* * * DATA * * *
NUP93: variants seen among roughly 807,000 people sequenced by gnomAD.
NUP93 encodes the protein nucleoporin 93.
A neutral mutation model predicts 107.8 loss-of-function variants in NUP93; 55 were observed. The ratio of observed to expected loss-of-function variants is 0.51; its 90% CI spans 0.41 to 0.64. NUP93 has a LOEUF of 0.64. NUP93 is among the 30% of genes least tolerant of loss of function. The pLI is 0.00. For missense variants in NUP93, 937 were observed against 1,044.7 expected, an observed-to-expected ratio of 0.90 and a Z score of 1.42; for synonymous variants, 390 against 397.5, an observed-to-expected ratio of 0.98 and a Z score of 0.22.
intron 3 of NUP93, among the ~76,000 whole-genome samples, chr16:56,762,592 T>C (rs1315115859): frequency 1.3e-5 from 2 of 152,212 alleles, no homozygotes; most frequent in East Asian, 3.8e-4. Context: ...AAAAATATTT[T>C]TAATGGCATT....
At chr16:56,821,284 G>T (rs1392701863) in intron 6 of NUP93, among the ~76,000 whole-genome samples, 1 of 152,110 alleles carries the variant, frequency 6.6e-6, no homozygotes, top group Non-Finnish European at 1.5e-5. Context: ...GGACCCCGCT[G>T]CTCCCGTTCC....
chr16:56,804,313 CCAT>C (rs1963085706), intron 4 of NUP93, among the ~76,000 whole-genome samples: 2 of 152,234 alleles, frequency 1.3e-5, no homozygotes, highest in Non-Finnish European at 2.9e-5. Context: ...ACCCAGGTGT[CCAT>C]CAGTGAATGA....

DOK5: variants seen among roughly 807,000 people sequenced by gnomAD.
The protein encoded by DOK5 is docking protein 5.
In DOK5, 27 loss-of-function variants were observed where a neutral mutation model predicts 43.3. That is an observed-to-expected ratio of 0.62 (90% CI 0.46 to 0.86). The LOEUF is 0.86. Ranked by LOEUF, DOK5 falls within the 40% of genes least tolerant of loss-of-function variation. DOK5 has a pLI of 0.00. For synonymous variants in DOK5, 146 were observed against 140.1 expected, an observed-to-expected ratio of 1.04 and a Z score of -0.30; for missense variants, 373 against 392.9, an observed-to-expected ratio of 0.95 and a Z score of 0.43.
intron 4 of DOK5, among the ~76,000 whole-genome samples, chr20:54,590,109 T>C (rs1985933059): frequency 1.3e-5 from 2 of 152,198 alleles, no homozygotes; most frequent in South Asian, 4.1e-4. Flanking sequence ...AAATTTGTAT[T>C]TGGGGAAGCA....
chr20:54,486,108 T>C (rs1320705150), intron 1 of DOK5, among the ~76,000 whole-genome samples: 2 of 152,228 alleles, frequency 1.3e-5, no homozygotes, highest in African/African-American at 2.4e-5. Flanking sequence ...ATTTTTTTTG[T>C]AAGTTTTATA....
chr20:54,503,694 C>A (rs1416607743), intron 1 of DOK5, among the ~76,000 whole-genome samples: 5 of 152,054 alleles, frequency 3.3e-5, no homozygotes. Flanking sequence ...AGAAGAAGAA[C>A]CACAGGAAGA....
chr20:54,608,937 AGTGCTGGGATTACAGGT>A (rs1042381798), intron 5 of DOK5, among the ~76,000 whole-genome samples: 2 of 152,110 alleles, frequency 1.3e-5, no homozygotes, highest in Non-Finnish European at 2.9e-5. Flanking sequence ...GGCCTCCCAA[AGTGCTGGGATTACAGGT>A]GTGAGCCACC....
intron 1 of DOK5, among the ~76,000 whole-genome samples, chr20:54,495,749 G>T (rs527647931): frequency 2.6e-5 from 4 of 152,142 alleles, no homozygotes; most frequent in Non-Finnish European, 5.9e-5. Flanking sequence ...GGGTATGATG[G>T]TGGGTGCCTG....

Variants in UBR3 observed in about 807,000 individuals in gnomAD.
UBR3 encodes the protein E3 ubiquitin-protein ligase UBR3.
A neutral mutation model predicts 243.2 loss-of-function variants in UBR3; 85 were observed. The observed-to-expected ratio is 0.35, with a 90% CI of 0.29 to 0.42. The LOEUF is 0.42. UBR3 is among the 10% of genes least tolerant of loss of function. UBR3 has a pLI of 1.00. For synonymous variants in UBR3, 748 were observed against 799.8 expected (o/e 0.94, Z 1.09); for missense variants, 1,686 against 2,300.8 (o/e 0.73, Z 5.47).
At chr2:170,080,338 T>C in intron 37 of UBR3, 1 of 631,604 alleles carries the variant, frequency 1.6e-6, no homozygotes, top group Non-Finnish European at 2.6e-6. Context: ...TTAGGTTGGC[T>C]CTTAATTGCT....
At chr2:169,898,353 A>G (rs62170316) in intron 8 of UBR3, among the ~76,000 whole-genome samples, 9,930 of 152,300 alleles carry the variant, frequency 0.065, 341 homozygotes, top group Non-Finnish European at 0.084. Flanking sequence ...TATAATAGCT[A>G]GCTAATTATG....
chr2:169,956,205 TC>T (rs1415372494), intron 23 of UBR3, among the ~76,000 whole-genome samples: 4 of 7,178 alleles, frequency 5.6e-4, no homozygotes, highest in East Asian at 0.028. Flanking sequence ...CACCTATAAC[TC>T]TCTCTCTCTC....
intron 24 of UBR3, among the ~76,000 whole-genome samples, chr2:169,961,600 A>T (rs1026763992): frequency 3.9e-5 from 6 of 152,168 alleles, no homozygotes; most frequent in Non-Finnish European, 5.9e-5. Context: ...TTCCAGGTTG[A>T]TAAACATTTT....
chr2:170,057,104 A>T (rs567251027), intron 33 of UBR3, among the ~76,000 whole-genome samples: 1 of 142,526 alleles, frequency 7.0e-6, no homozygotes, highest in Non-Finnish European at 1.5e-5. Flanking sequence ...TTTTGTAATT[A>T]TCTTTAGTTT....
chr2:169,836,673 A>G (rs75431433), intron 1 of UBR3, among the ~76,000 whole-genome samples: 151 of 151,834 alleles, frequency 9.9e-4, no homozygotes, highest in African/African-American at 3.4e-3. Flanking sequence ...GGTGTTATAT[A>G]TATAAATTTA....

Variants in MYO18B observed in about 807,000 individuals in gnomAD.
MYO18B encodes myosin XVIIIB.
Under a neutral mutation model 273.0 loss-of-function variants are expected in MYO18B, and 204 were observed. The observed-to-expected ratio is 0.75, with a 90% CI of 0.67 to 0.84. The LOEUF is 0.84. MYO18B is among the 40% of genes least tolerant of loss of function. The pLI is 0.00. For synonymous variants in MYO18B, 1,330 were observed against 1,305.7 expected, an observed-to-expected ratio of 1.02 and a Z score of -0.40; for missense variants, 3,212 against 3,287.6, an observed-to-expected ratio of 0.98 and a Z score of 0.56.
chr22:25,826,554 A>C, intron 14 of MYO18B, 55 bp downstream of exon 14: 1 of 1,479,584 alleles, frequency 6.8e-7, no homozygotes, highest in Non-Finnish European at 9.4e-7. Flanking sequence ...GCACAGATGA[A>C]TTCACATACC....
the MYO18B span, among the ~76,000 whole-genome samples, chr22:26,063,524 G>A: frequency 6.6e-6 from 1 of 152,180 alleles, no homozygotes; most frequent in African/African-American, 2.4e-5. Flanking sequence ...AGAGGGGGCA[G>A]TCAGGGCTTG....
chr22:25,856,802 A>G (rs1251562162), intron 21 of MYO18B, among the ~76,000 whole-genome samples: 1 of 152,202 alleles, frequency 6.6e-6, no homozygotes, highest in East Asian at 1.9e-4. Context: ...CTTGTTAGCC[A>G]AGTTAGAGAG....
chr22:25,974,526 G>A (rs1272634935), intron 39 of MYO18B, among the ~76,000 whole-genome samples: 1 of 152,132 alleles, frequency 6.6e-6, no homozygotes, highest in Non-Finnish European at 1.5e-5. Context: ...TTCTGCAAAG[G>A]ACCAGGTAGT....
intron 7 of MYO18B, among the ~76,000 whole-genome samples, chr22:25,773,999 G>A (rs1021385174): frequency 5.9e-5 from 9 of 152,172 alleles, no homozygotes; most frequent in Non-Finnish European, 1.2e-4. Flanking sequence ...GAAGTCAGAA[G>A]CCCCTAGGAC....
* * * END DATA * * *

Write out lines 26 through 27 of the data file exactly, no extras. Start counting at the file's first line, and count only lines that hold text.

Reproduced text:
Under a neutral mutation model 273.0 loss-of-function variants are expected in MYO18B, and 204 were observed. The observed-to-expected ratio is 0.75, with a 90% CI of 0.67 to 0.84. The LOEUF is 0.84. MYO18B is among the 40% of genes least tolerant of loss of function. The pLI is 0.00. For synonymous variants in MYO18B, 1,330 were observed against 1,305.7 expected, an observed-to-expected ratio of 1.02 and a Z score of -0.40; for missense variants, 3,212 against 3,287.6, an observed-to-expected ratio of 0.98 and a Z score of 0.56.
chr22:25,826,554 A>C, intron 14 of MYO18B, 55 bp downstream of exon 14: 1 of 1,479,584 alleles, frequency 6.8e-7, no homozygotes, highest in Non-Finnish European at 9.4e-7. Flanking sequence ...GCACAGATGA[A>C]TTCACATACC....